Adam Quirk, the Great American Something, fearless filmer and renal editor of giant kidneys, told me recently that he and his friends had played Shotgun Golf over Thanksgiving. I hadn’t quite been able to picture it. Now I can. Wish I’d been there. I’m not much for the actual game of golf — my shape makes it hard to swing the clubs — but I like to blast golf balls with a shotgun the same as the next male kidney.

In other news, even giant kidneys have heard the 1967 Monkees single “Daydream Believer.” But there were things about it that made no sense to us. The beginning is weird: “Oh, I could hide ‘neath the wings of the bluebird as she sings / The six o’clock alarm would never ring.” Sounds nice, but what does it mean? How would hiding under a bird’s wings prevent an alarm clock from ringing?

A later lyric is weirder still: “You once thought of me as a white knight on his steed / Now you know how happy I can be.” With that ‘white knight’ stuff, the singer is setting us up for his beloved’s disappointment. Then he tells her that she now knows how happy he can be. Huh? Why should she care?

Well, thanks to, this particular giant kidney has gotten to the bottom of the mystery. I noticed in the obit for the late John Stewart that in addition to joining the Kingston Trio and singing “Gold” with Stevie Nicks in 1979, Stewart wrote “Daydream Believer.” Turns out he recorded his own acoustic version of the song four years after he sold it to the Monkees, and Rhapsody carries it. (You can hear it for free — about 14 songs down on Stewart’s list.)

Hearing his 1971 version is a revelation. The song begins not with an “Oh,” but with an “If”: “If I could hide ‘neath the wings of the bluebird as she sings / the six o’clock alarm would never ring.” He’s saying he would do something to stop that infernal alarm clock from annoying people. I’m not clear *how* he would kill the alarm from beneath those wings — but at least we’re dealing with an if-then statement, rather than an obvious non-sequitur. Maybe he means that if he lived under a bird’s wings, no alarm could reach him. Who knows.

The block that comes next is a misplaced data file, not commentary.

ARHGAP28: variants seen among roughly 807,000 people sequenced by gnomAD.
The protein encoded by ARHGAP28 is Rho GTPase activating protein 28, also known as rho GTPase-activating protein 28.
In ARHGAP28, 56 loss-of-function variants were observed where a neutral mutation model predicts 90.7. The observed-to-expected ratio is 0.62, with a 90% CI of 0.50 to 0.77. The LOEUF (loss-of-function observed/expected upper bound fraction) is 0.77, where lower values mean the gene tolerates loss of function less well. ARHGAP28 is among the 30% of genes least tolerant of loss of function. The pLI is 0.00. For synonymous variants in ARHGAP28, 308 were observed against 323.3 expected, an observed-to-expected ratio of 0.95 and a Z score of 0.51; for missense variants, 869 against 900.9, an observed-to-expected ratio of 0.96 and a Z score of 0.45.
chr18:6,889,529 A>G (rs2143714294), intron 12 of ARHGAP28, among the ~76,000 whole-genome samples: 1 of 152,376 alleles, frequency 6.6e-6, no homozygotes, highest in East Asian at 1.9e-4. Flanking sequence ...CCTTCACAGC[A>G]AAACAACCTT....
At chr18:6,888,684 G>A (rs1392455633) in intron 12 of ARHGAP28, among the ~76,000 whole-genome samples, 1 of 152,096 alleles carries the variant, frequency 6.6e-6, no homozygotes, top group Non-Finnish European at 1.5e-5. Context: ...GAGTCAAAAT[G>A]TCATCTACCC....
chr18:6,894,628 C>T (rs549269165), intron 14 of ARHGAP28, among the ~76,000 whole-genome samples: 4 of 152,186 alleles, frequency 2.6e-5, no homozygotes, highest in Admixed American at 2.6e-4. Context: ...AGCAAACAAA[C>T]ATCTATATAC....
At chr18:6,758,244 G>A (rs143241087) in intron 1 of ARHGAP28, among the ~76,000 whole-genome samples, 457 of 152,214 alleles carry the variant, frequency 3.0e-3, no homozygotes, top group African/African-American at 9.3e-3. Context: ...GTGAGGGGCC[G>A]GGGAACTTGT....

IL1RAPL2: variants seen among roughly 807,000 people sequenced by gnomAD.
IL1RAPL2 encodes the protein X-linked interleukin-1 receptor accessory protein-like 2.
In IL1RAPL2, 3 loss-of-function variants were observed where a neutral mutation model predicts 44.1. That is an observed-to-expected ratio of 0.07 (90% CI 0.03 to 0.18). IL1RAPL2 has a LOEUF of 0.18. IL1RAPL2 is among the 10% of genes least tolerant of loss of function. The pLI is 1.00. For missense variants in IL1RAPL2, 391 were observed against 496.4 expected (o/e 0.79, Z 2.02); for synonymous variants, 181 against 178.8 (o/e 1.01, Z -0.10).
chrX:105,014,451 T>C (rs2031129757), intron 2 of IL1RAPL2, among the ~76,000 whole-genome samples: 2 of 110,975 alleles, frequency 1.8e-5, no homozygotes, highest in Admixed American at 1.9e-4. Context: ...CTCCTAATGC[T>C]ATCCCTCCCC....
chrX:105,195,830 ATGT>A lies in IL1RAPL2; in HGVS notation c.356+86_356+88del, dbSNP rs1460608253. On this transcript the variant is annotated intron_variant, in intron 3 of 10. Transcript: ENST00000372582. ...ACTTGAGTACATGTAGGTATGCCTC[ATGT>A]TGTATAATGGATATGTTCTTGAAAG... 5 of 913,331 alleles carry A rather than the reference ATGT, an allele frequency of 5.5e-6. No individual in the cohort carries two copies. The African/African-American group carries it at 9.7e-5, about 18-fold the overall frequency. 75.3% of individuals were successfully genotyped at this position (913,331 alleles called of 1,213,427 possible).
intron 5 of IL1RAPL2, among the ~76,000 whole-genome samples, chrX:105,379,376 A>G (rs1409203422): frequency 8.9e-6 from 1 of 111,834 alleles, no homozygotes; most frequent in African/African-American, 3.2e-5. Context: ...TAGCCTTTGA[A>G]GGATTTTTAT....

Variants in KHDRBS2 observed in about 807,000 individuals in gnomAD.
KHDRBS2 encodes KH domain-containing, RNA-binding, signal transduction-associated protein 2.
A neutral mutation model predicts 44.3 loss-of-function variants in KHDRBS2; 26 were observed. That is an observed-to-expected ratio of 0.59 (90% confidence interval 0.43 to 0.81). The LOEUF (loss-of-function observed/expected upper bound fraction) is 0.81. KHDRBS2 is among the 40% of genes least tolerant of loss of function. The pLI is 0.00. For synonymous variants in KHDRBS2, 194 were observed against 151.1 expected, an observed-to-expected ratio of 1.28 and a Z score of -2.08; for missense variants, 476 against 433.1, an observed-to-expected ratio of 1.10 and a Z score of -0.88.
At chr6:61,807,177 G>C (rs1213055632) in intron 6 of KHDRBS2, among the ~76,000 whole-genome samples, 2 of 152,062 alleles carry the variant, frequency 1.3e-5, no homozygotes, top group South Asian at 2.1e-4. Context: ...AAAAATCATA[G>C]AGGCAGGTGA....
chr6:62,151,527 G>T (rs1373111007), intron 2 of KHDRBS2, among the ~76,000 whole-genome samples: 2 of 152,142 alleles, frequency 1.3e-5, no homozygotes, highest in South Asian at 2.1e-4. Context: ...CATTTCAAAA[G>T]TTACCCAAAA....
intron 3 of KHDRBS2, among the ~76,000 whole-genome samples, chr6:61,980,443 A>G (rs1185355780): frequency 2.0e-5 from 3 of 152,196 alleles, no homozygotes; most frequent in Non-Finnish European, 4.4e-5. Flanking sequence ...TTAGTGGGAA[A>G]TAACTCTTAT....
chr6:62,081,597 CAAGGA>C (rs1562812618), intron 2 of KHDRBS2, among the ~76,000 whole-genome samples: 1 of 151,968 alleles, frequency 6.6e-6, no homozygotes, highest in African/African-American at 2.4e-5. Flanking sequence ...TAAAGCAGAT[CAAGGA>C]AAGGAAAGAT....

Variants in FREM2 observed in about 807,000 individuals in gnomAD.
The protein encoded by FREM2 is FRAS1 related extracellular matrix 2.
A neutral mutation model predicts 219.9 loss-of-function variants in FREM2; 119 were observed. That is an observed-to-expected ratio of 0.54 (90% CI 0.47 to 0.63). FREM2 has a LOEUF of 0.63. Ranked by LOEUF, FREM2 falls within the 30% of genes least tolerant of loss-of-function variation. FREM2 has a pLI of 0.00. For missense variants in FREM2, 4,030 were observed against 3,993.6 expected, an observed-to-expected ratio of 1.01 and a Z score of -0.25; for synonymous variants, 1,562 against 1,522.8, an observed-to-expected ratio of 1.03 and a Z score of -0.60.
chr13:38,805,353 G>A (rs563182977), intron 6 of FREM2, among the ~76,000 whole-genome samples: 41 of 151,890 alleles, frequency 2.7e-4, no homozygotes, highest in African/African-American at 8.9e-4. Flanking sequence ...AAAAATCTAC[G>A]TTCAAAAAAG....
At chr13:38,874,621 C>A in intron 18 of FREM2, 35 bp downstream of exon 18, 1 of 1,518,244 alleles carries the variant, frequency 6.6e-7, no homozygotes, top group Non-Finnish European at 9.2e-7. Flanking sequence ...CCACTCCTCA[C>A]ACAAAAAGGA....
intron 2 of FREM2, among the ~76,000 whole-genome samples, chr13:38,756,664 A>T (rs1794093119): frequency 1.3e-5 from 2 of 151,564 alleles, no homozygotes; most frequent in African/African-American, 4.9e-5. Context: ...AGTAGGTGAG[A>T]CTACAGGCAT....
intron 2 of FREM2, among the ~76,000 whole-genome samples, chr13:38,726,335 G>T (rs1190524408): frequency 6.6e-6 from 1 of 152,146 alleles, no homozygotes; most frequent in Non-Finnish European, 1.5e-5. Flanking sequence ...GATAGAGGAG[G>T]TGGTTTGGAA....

And a second item that had barely registered as odd becomes clearer. Davy Jones of the Monkees sang, “My shavin’ razor’s cold, and it stings.” Stewart, though, sang, “My shavin’ razor’s old, and it stings.” Of course. Cold razors don’t sting. Old ones do. Who added the ‘c’ to a perfectly good ‘old’?

The third issue is, if possible, even more important. Here’s the white-knight lyric in Stewart’s version: “You once thought of me as a white knight on his steed / Now you know how funky I can be …” You can hear him smiling as he sings it. He knows he’s not everything she wanted him to be, but what can he do? Most men are doomed to disappoint our lovers, and while that disappointment can be sad, it can also be a little funny. We’re only human.

The Monkees didn’t like the “funky.” Or someone who controlled them didn’t. (A commenter named Garrett on this page says the TV show’s producers were unfamiliar with the word “funky,” thought it might be dirty, and changed it.) Somebody made the song safer, or thought they did — but in the process he or she (probably ‘he’) robbed it of its meaning, as well as an important part of Stewart’s gentle humor. (Sadly, Rhapsody doesn’t carry the Anne Murray cover, which was the first version I heard. I can’t check how she handled it.) Later in Stewart’s version, the singer continues to play with his phrasing — ‘Daydream deceiver and an old closet queen’ — and you can hear him laughing.

There’s no ‘closet queen’ in the Monkees’ version. No deceiver. And no funkiness, either. It’s still a fun song, obviously — it hit number one, and it took the Beatles’ “Hello, Goodbye” to displace it. But it had lost something I was glad to get back, and am glad to share with you. — Kenny

Posted on January 31st, 2008 | filed under generosity, kidney, renal | Trackback |

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